18 April 2023
As we reflect on the 25th anniversary of the signing of the Good Friday Agreement, Paddy Kelly, Director at the Children’s Law Centre, has spoken of her disappointment that Attenuating Energy Projectiles (AEPs), commonly referred to as plastic bullets are still being used on children.
The ‘Patten Report’, provided for in the Good Friday Agreement, reported in 1999 as part of the programme of reform of policing. The report recognised the lethal nature of plastic bullets and recommended that an ‘immediate and substantial investment should be made in a research programme to find an acceptable, effective and less potentially lethal alternative to the Plastic Baton Round’.
Despite this recommendation, and the fact that 17 people including eight children were killed by plastic and rubber bullets during the conflict, AEPs are still used by the PSNI. Northern Ireland is the only jurisdiction in the UK where AEPs are used during public order policing, despite recommendations from international human rights bodies calling on a total ban.
The Children’s Law Centre submitted evidence to the UN Committee on the Rights of the Child in December 2022 and presented to the Committee in February 2023, once again highlighting the continued use of AEPs in Northern Ireland and the dangers they present to children and young people. The UN Committee on the Rights of the Child is due to publish fresh recommendations this year.
Paddy Kelly, Director at the Children’s Law Centre, said:
“The Good Friday Agreement has left us all in a far better place, but when we look at the progress achieved around policing, the continued use of plastic bullets, including against children, remains a cause of serious concern and is not compliant with the recommendations of international human rights bodies.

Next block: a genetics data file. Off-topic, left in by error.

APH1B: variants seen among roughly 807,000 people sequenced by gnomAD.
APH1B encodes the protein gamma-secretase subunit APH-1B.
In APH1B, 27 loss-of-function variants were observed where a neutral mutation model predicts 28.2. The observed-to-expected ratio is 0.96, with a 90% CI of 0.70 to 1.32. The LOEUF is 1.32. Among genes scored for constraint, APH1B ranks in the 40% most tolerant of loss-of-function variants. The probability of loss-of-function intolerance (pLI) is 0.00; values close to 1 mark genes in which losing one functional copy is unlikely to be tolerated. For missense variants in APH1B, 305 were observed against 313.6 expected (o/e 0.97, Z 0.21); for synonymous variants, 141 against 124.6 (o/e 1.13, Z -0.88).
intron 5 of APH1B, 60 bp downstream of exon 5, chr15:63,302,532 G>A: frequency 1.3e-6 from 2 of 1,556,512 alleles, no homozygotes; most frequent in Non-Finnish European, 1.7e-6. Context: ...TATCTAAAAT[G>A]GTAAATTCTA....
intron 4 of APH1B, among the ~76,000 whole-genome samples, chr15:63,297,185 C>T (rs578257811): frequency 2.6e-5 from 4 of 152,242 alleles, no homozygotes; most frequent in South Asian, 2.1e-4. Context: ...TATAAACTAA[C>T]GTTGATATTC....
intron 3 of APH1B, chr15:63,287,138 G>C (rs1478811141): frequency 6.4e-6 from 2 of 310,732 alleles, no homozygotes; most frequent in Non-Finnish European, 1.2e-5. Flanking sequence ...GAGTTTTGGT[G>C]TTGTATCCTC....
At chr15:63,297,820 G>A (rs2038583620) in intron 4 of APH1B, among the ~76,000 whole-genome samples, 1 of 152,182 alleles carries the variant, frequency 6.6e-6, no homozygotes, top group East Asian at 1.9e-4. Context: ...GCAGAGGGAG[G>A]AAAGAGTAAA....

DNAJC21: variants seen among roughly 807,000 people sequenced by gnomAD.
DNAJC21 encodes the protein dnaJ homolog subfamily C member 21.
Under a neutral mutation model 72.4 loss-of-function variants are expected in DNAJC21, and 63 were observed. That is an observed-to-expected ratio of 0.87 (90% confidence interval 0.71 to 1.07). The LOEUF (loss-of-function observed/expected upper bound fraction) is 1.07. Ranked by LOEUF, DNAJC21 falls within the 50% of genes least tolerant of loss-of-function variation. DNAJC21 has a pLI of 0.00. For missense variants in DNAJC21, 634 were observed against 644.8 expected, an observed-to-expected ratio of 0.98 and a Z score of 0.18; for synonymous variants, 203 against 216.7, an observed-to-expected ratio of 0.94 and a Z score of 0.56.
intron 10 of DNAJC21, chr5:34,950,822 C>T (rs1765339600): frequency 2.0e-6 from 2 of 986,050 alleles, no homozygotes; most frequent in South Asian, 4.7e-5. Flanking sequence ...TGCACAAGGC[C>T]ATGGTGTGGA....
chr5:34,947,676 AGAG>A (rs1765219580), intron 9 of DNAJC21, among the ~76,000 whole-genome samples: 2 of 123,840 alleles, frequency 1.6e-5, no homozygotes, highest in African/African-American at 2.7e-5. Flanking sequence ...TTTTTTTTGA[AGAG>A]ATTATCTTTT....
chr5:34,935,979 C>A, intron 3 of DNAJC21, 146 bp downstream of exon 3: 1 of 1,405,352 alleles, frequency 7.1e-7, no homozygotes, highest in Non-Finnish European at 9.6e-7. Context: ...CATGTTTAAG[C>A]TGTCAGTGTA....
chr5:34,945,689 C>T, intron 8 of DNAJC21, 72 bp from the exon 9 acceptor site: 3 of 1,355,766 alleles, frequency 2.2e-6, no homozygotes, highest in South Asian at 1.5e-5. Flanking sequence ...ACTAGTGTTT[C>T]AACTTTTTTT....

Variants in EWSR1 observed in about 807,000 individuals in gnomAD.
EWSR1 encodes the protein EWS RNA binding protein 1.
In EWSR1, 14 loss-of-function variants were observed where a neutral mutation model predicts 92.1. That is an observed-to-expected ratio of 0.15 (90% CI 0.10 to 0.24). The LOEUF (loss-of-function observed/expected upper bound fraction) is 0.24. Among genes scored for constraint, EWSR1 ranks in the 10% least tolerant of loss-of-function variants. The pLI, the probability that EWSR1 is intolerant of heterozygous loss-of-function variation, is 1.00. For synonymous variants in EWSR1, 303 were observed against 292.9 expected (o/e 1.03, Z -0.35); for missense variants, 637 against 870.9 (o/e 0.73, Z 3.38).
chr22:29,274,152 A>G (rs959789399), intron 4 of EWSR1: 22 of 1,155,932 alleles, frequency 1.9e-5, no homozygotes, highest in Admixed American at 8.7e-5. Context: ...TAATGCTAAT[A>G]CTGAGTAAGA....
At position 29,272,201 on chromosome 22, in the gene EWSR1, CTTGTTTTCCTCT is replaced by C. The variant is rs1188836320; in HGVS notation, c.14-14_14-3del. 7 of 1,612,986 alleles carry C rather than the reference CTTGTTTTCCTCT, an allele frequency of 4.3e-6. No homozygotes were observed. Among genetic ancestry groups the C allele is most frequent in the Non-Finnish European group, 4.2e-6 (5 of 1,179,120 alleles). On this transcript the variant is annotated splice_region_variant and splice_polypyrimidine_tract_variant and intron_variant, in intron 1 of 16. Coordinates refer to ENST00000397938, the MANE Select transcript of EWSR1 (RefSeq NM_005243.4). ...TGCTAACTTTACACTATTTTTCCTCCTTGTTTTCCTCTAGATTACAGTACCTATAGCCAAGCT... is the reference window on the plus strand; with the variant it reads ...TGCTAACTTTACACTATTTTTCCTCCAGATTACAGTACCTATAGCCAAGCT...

“The ‘Patten Report’, which flowed from the Good Friday Agreement, recommended investment to find an acceptable, effective and less potentially lethal alternative to the Plastic Baton Round. That has not happened. AEPs of their very nature pose a significant and potentially lethal threat to children and young people.
“It is hard to comprehend why the use of AEPs continues in Northern Ireland, while they are deemed far too dangerous for use in the rest of the UK. Indeed, in 2011, following riots in England, a Home Affairs Committee Report concluded that it would be ‘inappropriate as well as dangerous’ to use baton rounds to police public order disturbances. Yet they continue to be used in Northern Ireland, with the most recent statistics showing they were used on at least one child in the last reporting year.
“We cannot continue to ignore the evidence that the use of AEPs can be lethal. The UN Committee on the Rights of the Child have twice issued strong recommendations, in 2008 and 2016, calling for a complete ban and highlighting the dangers. Twenty-five years after the Good Friday Agreement, the Children’s Law Centre, yet again, have had to raise at the UN Committee on the Rights of the Child the continued use on children of these potentially lethal weapons.
“It is beyond time that we deliver on the Good Friday Agreement, underpinned by rights and equal protection, by finally banning the use of AEPs in Northern Ireland.”